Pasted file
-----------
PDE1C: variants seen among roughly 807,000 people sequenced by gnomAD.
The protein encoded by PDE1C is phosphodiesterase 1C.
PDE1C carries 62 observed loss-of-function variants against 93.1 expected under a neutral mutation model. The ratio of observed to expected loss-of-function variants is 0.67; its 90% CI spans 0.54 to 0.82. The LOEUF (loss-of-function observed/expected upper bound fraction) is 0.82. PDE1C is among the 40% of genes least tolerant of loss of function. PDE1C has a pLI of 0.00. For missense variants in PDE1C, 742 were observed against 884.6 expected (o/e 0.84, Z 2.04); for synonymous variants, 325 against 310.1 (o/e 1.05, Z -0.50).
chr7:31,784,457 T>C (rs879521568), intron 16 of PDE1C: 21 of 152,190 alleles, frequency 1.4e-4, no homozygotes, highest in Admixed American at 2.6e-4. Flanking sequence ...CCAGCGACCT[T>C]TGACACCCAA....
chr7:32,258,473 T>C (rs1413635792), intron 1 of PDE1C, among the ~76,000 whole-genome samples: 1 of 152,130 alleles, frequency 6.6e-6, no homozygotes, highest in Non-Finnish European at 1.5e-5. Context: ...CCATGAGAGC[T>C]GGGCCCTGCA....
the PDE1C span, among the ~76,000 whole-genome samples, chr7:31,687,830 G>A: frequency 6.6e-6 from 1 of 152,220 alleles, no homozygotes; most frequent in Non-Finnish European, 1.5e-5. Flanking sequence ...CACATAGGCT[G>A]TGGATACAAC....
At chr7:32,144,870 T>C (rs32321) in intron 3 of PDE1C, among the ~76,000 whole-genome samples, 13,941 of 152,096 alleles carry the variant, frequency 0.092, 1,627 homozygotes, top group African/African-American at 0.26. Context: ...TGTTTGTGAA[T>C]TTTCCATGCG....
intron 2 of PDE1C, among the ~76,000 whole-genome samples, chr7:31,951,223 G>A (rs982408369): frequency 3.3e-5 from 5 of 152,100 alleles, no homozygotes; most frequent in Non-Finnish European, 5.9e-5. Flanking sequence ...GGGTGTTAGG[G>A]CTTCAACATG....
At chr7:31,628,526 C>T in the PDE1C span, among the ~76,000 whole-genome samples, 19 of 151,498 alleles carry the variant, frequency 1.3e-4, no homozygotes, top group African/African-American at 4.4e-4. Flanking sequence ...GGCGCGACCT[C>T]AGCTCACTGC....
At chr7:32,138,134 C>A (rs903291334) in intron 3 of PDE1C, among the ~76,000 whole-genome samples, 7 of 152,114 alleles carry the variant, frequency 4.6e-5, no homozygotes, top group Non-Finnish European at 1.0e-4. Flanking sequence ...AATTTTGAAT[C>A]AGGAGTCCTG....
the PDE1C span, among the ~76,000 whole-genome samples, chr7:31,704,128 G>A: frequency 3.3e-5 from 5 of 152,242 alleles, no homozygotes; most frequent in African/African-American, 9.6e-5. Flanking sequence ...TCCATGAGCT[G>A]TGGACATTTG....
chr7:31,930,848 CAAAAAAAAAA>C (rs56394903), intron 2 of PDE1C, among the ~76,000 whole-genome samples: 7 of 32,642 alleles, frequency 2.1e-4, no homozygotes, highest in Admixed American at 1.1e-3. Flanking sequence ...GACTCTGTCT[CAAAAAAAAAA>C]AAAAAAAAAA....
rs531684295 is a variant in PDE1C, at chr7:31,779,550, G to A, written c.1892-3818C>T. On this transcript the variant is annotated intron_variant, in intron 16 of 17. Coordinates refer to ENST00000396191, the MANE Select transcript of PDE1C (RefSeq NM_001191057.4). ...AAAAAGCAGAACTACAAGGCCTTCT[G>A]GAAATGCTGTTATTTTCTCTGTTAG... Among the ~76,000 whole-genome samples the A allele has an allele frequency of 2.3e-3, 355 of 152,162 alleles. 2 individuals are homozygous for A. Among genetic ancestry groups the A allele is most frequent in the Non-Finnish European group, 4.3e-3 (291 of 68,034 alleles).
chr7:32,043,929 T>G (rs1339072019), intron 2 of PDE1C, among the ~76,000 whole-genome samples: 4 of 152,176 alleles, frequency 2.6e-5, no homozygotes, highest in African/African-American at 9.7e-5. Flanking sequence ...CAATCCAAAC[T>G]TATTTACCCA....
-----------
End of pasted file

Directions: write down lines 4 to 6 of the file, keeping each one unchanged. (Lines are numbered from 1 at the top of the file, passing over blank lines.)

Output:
chr7:31,784,457 T>C (rs879521568), intron 16 of PDE1C: 21 of 152,190 alleles, frequency 1.4e-4, no homozygotes, highest in Admixed American at 2.6e-4. Flanking sequence ...CCAGCGACCT[T>C]TGACACCCAA....
chr7:32,258,473 T>C (rs1413635792), intron 1 of PDE1C, among the ~76,000 whole-genome samples: 1 of 152,130 alleles, frequency 6.6e-6, no homozygotes, highest in Non-Finnish European at 1.5e-5. Context: ...CCATGAGAGC[T>C]GGGCCCTGCA....
the PDE1C span, among the ~76,000 whole-genome samples, chr7:31,687,830 G>A: frequency 6.6e-6 from 1 of 152,220 alleles, no homozygotes; most frequent in Non-Finnish European, 1.5e-5. Flanking sequence ...CACATAGGCT[G>A]TGGATACAAC....